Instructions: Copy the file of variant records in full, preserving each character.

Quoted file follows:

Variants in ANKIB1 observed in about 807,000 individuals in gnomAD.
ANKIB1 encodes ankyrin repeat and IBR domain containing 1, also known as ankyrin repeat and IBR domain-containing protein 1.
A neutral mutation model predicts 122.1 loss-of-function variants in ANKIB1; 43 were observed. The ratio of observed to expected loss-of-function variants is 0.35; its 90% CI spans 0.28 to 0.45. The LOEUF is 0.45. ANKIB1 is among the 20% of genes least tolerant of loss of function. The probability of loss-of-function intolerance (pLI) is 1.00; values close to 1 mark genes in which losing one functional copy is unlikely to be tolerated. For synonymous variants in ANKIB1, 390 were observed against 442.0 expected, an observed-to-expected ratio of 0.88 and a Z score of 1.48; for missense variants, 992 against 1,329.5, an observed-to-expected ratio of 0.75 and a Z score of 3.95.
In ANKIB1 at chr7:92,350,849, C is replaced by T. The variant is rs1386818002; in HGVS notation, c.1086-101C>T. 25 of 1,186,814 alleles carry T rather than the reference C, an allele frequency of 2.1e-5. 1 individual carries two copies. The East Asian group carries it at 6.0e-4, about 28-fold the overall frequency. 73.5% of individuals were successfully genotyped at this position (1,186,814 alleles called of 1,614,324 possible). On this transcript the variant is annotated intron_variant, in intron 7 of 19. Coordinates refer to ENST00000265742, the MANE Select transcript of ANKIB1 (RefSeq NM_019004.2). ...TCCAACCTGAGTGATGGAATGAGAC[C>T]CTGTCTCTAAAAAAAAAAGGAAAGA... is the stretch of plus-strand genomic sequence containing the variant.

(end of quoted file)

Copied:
Variants in ANKIB1 observed in about 807,000 individuals in gnomAD.
ANKIB1 encodes ankyrin repeat and IBR domain containing 1, also known as ankyrin repeat and IBR domain-containing protein 1.
A neutral mutation model predicts 122.1 loss-of-function variants in ANKIB1; 43 were observed. The ratio of observed to expected loss-of-function variants is 0.35; its 90% CI spans 0.28 to 0.45. The LOEUF is 0.45. ANKIB1 is among the 20% of genes least tolerant of loss of function. The probability of loss-of-function intolerance (pLI) is 1.00; values close to 1 mark genes in which losing one functional copy is unlikely to be tolerated. For synonymous variants in ANKIB1, 390 were observed against 442.0 expected, an observed-to-expected ratio of 0.88 and a Z score of 1.48; for missense variants, 992 against 1,329.5, an observed-to-expected ratio of 0.75 and a Z score of 3.95.
In ANKIB1 at chr7:92,350,849, C is replaced by T. The variant is rs1386818002; in HGVS notation, c.1086-101C>T. 25 of 1,186,814 alleles carry T rather than the reference C, an allele frequency of 2.1e-5. 1 individual carries two copies. The East Asian group carries it at 6.0e-4, about 28-fold the overall frequency. 73.5% of individuals were successfully genotyped at this position (1,186,814 alleles called of 1,614,324 possible). On this transcript the variant is annotated intron_variant, in intron 7 of 19. Coordinates refer to ENST00000265742, the MANE Select transcript of ANKIB1 (RefSeq NM_019004.2). ...TCCAACCTGAGTGATGGAATGAGAC[C>T]CTGTCTCTAAAAAAAAAAGGAAAGA... is the stretch of plus-strand genomic sequence containing the variant.